The size of fibroids varies, and some are excessively large and heavy. Furthermore, such large and bulky fibroids are often located on the lower back surface of the uterus. When this happens, your lower back experiences pressure, inducing pain.
While a number of reasons can contribute to lower back pain, if it occurs frequently, and especially with other reproductive symptoms, it might indicate a fibroid growth.
Submucosal or endometrial fibroids are the rarest type of fibroids. They develop under the muscles of the uterine lining and toward the endometrium.
Large, submucosal fibroids block the fallopian tubes and hamper the passage of eggs from the ovaries to the uterus.
While studies have not shown a positive association between other fibroids and infertility, submucosal fibroids are known to cause infertility and lower the prevalence of pregnancy.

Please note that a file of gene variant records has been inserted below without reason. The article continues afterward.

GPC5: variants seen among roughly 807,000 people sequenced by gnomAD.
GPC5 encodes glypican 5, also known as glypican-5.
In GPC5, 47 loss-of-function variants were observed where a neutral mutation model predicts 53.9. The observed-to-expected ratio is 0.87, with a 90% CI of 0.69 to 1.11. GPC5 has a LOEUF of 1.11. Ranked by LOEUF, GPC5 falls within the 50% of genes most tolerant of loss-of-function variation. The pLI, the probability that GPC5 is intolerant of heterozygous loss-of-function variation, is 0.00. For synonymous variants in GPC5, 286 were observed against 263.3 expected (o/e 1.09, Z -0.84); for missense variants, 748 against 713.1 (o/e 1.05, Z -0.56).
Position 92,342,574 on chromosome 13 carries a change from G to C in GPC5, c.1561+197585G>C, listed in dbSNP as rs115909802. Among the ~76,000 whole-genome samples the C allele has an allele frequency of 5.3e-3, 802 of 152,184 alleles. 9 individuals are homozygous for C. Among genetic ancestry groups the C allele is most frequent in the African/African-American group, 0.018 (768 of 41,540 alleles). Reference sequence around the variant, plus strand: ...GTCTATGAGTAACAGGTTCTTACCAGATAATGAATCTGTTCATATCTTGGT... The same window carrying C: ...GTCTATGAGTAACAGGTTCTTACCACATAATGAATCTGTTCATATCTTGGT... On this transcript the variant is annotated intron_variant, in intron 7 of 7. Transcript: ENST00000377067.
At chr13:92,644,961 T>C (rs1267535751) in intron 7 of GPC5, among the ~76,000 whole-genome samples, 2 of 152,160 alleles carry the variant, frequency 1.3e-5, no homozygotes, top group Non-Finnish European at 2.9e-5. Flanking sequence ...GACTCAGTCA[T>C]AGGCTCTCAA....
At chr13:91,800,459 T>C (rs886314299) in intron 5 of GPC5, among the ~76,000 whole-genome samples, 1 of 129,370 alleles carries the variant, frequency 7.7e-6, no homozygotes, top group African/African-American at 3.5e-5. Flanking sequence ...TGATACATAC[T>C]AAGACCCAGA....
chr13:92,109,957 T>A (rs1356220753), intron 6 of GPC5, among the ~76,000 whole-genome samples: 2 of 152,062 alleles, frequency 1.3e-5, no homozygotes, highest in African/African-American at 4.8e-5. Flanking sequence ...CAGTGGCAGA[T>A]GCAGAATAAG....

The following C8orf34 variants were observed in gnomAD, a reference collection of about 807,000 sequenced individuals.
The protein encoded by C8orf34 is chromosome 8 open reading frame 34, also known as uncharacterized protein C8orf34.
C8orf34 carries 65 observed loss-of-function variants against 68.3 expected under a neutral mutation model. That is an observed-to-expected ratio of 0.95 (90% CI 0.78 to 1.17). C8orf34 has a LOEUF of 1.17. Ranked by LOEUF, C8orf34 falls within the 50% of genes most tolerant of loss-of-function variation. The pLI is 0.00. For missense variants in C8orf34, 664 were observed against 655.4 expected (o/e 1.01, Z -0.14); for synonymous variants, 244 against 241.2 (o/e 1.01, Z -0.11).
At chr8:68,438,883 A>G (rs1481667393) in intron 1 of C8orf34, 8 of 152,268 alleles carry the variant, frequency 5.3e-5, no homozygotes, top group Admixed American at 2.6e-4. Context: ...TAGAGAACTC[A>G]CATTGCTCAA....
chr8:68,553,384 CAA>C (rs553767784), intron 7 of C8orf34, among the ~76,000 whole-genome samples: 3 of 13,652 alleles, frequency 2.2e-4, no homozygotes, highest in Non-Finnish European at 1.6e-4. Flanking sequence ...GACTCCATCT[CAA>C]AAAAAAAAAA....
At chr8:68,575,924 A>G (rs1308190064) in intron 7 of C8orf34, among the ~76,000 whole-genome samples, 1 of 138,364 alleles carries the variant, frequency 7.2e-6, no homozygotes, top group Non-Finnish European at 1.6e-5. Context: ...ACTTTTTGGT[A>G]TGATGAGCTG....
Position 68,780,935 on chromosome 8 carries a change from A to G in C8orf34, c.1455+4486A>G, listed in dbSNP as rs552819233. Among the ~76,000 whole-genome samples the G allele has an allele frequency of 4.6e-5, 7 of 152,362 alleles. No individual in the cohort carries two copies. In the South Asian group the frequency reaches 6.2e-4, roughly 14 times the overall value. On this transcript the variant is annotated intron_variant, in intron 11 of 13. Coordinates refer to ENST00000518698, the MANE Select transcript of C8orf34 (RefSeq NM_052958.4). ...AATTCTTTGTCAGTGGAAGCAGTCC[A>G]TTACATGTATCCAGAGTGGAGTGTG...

A 2009 study published in Fertility and Sterility further substantiates that submucosal fibroids increase the risk of infertility and suggests removing the fibroids to increase the rate of pregnancy.
If you have been facing problems conceiving, consult your gynecologist for possible fibroids.
Submucosal fibroids (emerging from the uterine lining) and intracavity fibroids (located within the cavity) can often lead to miscarriages.
When a fertilized egg travels through the fallopian tubes and lodges into the uterine cavity, a submucosal fibroid may obstruct the passage of blood to the embryo.
Fibroids may cause inflammation within the lining and hamper the proper growth of the fetus.
Both of these factors can contribute to miscarriage.
Fibroid growth was positively associated with women who had suffered recurrent miscarriages in the mid-trimester, according to a 2011 study published in Human Reproduction.